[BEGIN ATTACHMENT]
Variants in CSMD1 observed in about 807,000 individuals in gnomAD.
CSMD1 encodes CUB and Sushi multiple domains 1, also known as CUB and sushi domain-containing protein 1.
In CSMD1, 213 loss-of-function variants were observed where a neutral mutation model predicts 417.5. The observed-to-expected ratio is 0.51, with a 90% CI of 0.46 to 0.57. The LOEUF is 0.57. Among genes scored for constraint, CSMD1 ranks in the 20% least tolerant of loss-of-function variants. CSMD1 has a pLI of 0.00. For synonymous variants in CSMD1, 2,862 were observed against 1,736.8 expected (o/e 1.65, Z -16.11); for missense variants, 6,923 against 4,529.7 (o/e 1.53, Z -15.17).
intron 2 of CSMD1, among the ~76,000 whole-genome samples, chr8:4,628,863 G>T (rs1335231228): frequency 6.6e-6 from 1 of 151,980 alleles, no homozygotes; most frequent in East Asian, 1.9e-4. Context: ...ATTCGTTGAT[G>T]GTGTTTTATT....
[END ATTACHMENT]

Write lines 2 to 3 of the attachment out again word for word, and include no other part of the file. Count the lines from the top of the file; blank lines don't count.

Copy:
CSMD1 encodes CUB and Sushi multiple domains 1, also known as CUB and sushi domain-containing protein 1.
In CSMD1, 213 loss-of-function variants were observed where a neutral mutation model predicts 417.5. The observed-to-expected ratio is 0.51, with a 90% CI of 0.46 to 0.57. The LOEUF is 0.57. Among genes scored for constraint, CSMD1 ranks in the 20% least tolerant of loss-of-function variants. CSMD1 has a pLI of 0.00. For synonymous variants in CSMD1, 2,862 were observed against 1,736.8 expected (o/e 1.65, Z -16.11); for missense variants, 6,923 against 4,529.7 (o/e 1.53, Z -15.17).